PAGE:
High Fidelity. Music by Tom Kitt. Lyrics by Amanda Green. Book by David Lindsay-Abaire. Based on the book by Nick Horby and the Touchstone Pictures film. Directed by Nathan Patrech and Sarah Hull. Phoenix Players. ANU Arts Centre, February 6 to 21. Dinner and show packages available from Teatro Vivaldi on 62572718. Ticket bookings: phoenixplayers.com.au or 6253 1454.
Zach Raffan says his character in High Fidelity is so similar to himself, "I don't really feel like I'm acting on stage."
Raffan - in his first lead role in a musical - plays Rob, a 30-something music obsessive who owns a Brooklyn record store in the 1990s and has just been dumped by his girlfriend Laura (Josie Dunham). He's an inveterate listmaker and when this split doesn't make his list of Top 5 Break-ups, he revisits the failures of the past to try to figure out what went wrong, leading to a journey of self-discovery.
Like Rob, Raffan says, he has a tendency to learn things the hard way.
"I'm playing the character and learning the things he learns - it's a better therapeutic investment than a trip to the local shrink."
Raffan, 33, studied classical trumpet and used to play in orchestras but found it too cruel and competitive. He says, "I left that life behind four years ago and changed to the dark side: I now play jazz."
He also performs on stage in both plays and musical theatre.
It's the Canberra premiere for the 2006 Broadway rock musical - scripted by Pulitzer Prize-winning playwright David Lindsay-Abaire (Rabbit Hole) and adapted from Nick Hornby's novel and the film version starring John Cusack. In addition to having a first-time leading man it has a pair of two first-time directors, Nathan Patrech and Sarah Hull.
Hull - who's been acting for the past 15 years - didn't know the show when Patrech approached with a proposal they direct it together. She had liked the movie, though, and when she heard the score she was sold. She thinks her experience as a performer and Patrech's knowledge of lighting and sound are a good match for the task.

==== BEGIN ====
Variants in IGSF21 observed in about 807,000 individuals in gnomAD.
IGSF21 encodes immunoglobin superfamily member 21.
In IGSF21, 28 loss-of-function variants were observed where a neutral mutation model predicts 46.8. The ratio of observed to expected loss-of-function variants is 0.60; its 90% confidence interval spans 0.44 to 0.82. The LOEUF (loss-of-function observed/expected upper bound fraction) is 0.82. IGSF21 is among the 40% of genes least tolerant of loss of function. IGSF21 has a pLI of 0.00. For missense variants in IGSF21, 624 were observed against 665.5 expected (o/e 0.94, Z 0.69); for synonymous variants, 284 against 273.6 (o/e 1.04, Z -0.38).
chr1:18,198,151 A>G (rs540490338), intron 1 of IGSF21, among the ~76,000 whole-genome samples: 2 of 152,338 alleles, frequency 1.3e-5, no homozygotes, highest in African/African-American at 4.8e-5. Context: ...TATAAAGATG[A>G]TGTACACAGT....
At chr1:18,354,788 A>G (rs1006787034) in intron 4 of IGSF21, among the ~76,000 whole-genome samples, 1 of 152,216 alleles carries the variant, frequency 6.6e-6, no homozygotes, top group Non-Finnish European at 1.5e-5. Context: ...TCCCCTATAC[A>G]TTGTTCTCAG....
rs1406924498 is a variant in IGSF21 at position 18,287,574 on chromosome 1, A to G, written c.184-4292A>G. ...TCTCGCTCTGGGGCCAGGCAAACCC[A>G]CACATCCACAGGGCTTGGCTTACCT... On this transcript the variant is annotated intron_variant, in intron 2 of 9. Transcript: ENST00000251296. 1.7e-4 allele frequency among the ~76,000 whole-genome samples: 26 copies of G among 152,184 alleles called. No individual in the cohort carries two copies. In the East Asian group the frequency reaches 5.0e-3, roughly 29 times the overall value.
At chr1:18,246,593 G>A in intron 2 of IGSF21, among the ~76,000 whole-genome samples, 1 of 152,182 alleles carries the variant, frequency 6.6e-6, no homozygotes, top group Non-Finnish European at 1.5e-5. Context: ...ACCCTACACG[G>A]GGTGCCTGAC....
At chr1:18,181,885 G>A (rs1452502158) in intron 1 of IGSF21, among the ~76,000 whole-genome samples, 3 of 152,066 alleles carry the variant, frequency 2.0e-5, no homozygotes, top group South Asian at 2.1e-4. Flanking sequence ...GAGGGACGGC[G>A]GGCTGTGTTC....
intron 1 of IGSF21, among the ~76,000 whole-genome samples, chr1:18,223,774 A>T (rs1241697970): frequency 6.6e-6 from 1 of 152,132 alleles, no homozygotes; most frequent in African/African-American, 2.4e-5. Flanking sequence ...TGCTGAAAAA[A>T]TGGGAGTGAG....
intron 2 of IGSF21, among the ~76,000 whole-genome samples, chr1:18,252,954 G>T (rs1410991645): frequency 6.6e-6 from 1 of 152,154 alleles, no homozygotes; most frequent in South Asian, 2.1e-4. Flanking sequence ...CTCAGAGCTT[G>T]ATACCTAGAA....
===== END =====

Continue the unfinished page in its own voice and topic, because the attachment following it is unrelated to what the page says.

"We complement each other's strengths and help with each other's weaknesses."
Hull says having a flawed protagonist - a character who has a lot to learn about life and commitment - rather than a more conventional hero makes the show interesting for her.
"He's still a character you want to root for but he's quite a man-child in some ways," she says. "I think he's quite self-centred. At a lot of points throughout the show he's saying, 'Why do these things happen to me?' - he doesn't seem to realise he's the contributing factor."
During the course of the show, she says, Rob begins to understand himself a bit better, which might enable him to find a committed, happy relationship.
It's not all serious, though. Rob's record-store employees - nervous Dick (Will Huang) and sharp-tongued Barry (Max Gambale) - provide light relief.
And, of course, there's the music. The score ranges across genres from rock to country and many of the numbers are in the style of particular artists including Aretha Franklin, Guns'n'Roses and Billy Joel. Neil Young (Rodwell Faulker) and Bruce Springsteen (Sean Ladlow) even appear as characters in the show.
As well as drawing on their own theatrical experience, the first-time directors have surrounded themselves with some seasoned collaborators including choreographer Jordan Kelly. But there's always more to learn, Hull has found. Being on the other side of the stage has been a challenge - and one aspect in particular stood out.
"I never realised how complicated trying to schedule rehearsals could be."
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